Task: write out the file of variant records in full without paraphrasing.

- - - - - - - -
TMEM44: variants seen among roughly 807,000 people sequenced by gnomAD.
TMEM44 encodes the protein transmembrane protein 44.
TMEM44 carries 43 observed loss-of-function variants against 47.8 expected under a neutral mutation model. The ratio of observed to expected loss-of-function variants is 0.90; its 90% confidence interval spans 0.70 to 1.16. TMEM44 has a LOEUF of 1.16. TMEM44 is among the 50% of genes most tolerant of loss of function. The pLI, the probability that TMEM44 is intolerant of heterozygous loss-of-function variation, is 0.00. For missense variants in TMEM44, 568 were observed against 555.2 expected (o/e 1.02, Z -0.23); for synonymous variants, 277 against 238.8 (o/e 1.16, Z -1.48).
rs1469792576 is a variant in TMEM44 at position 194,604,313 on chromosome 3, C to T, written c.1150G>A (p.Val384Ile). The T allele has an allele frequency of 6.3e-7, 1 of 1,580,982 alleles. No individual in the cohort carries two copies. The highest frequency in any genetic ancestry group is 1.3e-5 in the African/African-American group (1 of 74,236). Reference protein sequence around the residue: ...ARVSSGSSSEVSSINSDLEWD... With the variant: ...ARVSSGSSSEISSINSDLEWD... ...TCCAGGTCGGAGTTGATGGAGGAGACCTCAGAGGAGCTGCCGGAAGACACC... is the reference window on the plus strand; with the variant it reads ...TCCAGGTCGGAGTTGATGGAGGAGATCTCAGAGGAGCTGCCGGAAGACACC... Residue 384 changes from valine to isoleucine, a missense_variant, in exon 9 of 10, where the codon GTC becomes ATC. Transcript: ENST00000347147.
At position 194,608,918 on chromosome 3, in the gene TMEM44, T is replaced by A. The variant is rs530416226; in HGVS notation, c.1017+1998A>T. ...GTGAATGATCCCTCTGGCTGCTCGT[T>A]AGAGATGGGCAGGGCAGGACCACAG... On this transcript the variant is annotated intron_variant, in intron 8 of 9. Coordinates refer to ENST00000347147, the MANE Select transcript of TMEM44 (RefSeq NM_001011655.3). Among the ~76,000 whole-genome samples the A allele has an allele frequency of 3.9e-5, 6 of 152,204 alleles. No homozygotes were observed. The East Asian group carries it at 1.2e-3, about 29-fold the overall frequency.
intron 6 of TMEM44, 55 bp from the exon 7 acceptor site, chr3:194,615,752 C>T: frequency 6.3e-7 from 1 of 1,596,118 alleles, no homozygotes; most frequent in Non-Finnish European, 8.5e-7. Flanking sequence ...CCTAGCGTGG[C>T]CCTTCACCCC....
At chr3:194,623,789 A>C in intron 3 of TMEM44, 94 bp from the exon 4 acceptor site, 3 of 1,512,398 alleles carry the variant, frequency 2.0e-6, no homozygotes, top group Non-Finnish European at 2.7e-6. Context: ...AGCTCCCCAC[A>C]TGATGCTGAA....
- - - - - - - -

TMEM44: variants seen among roughly 807,000 people sequenced by gnomAD.
TMEM44 encodes the protein transmembrane protein 44.
TMEM44 carries 43 observed loss-of-function variants against 47.8 expected under a neutral mutation model. The ratio of observed to expected loss-of-function variants is 0.90; its 90% confidence interval spans 0.70 to 1.16. TMEM44 has a LOEUF of 1.16. TMEM44 is among the 50% of genes most tolerant of loss of function. The pLI, the probability that TMEM44 is intolerant of heterozygous loss-of-function variation, is 0.00. For missense variants in TMEM44, 568 were observed against 555.2 expected (o/e 1.02, Z -0.23); for synonymous variants, 277 against 238.8 (o/e 1.16, Z -1.48).
rs1469792576 is a variant in TMEM44 at position 194,604,313 on chromosome 3, C to T, written c.1150G>A (p.Val384Ile). The T allele has an allele frequency of 6.3e-7, 1 of 1,580,982 alleles. No individual in the cohort carries two copies. The highest frequency in any genetic ancestry group is 1.3e-5 in the African/African-American group (1 of 74,236). Reference protein sequence around the residue: ...ARVSSGSSSEVSSINSDLEWD... With the variant: ...ARVSSGSSSEISSINSDLEWD... ...TCCAGGTCGGAGTTGATGGAGGAGACCTCAGAGGAGCTGCCGGAAGACACC... is the reference window on the plus strand; with the variant it reads ...TCCAGGTCGGAGTTGATGGAGGAGATCTCAGAGGAGCTGCCGGAAGACACC... Residue 384 changes from valine to isoleucine, a missense_variant, in exon 9 of 10, where the codon GTC becomes ATC. Transcript: ENST00000347147.
At position 194,608,918 on chromosome 3, in the gene TMEM44, T is replaced by A. The variant is rs530416226; in HGVS notation, c.1017+1998A>T. ...GTGAATGATCCCTCTGGCTGCTCGT[T>A]AGAGATGGGCAGGGCAGGACCACAG... On this transcript the variant is annotated intron_variant, in intron 8 of 9. Coordinates refer to ENST00000347147, the MANE Select transcript of TMEM44 (RefSeq NM_001011655.3). Among the ~76,000 whole-genome samples the A allele has an allele frequency of 3.9e-5, 6 of 152,204 alleles. No homozygotes were observed. The East Asian group carries it at 1.2e-3, about 29-fold the overall frequency.
intron 6 of TMEM44, 55 bp from the exon 7 acceptor site, chr3:194,615,752 C>T: frequency 6.3e-7 from 1 of 1,596,118 alleles, no homozygotes; most frequent in Non-Finnish European, 8.5e-7. Flanking sequence ...CCTAGCGTGG[C>T]CCTTCACCCC....
At chr3:194,623,789 A>C in intron 3 of TMEM44, 94 bp from the exon 4 acceptor site, 3 of 1,512,398 alleles carry the variant, frequency 2.0e-6, no homozygotes, top group Non-Finnish European at 2.7e-6. Context: ...AGCTCCCCAC[A>C]TGATGCTGAA....